Manufacturing, trials, local elections are worth watching
By Josh Arntz
The Dickson Herald
Published Jan. 6, 2016
Dickson County and local communities will see structures and developments materialize, massive manufacturing begin and the state’s recognition of a local radio personality; vote for new leadership, and learn the fates of two suspects accused of murder during the next 12 months.
The following are projects and/or stories the Herald’s editorial staff compiled as anticipated newsmakers in 2016.
Dal-Tile full-scale production
Workers at the new Dal-Tile plant in the Dickson County Industrial Park are expected to start full-scale production of tile early this year.
The 1.8-million-square-foot Dal-Tile facility rose from the ground in 2015. The Herald reported in July last year that full-scale tile production was scheduled to begin this month.
The trials for Thomas Lee “Tommy” Wortham and Mendy Powell Neal are scheduled to begin next month.
Wortham, 46, of Bon Aqua, pleaded not guilty in November to the 1998 murder of Eric Baxter. Tennessee Bureau of Investigation agents arrested Wortham in October.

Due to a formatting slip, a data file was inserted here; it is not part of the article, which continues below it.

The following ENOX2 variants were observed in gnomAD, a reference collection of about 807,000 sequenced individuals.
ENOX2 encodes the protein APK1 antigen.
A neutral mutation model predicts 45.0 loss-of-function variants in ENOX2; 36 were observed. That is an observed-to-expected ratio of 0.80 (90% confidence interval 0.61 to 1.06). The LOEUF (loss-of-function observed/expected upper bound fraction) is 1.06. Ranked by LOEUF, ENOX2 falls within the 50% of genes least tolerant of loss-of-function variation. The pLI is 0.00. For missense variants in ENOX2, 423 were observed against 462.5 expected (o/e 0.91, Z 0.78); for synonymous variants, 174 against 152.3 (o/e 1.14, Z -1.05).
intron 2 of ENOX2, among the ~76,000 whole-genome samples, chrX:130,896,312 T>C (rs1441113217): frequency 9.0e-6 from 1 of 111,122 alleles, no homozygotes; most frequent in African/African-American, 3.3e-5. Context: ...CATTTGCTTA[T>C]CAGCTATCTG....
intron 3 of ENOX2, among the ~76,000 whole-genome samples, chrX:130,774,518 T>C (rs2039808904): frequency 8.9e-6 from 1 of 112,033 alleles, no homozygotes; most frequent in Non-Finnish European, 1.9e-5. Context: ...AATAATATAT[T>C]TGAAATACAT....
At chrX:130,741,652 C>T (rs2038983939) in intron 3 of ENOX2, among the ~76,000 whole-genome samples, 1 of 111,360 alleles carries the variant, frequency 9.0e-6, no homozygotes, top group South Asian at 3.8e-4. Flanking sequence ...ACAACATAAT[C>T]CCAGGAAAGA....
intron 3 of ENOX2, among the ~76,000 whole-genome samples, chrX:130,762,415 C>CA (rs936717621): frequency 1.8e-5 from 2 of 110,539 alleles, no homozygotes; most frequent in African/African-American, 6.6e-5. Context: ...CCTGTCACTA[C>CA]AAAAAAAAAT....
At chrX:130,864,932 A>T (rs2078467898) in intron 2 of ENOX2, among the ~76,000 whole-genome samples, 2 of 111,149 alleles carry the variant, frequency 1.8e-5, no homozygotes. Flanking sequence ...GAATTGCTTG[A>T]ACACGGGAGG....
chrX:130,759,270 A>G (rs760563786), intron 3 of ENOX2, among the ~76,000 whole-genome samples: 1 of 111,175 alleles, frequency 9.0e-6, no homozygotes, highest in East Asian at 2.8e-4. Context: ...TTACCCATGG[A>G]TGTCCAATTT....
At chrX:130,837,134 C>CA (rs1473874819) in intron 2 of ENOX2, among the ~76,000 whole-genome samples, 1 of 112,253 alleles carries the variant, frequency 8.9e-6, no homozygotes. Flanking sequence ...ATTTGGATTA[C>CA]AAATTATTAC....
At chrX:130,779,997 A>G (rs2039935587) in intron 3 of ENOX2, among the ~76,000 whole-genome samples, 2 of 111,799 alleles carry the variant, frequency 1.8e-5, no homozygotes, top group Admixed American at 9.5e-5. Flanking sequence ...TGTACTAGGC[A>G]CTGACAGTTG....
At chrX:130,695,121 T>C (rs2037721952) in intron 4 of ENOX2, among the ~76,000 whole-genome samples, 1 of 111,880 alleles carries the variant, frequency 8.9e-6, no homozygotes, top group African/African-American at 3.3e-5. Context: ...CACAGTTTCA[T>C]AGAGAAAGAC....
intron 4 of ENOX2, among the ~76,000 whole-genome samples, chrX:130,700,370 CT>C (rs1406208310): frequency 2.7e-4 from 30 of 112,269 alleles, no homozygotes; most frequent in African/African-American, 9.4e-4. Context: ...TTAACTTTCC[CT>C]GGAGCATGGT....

Baxter, age 32 at the time of his death, was discovered dead with multiple gunshot wounds in his Jones Creek home.
A Dickson County Grand Jury indicted Wortham in October with charges of first-degree murder and two counts of felony murder.
In 2013, investigators with the reality TNT crime show “Cold Justice” worked with sheriff’s office Detective John Patterson, TBI Special Agent Joe Craig and the District Attorney’s Office for a grand jury indictment with Wortham as the suspect.
The “Cold Justice” episode ended with the explanation that the grand jury decided to take no action on the presentment against Wortham, “feeling further investigation is still necessary.”
Baxter – the general manager of his mother’s convenience store corporation – was gunned down at 1839 Jones Creek Road, near Montgomery Bell State Park, where he lived with his mother, the late Joy Marsh.
Marsh leased a convenience store to Wortham.
A grand jury indicted Neal, 35, of Dickson, in December 2014 with charges of aggravated arson, first-degree murder and felony murder for the 2012 death of her husband Matt Neal.
Matt Neal, age 50 at the time, died in a July 11, 2012 house fire at the Neal’s Charlotte residence at 1015 Loggins Road. The Neal’s “elementary school age” children were not home at the time of the early morning fire.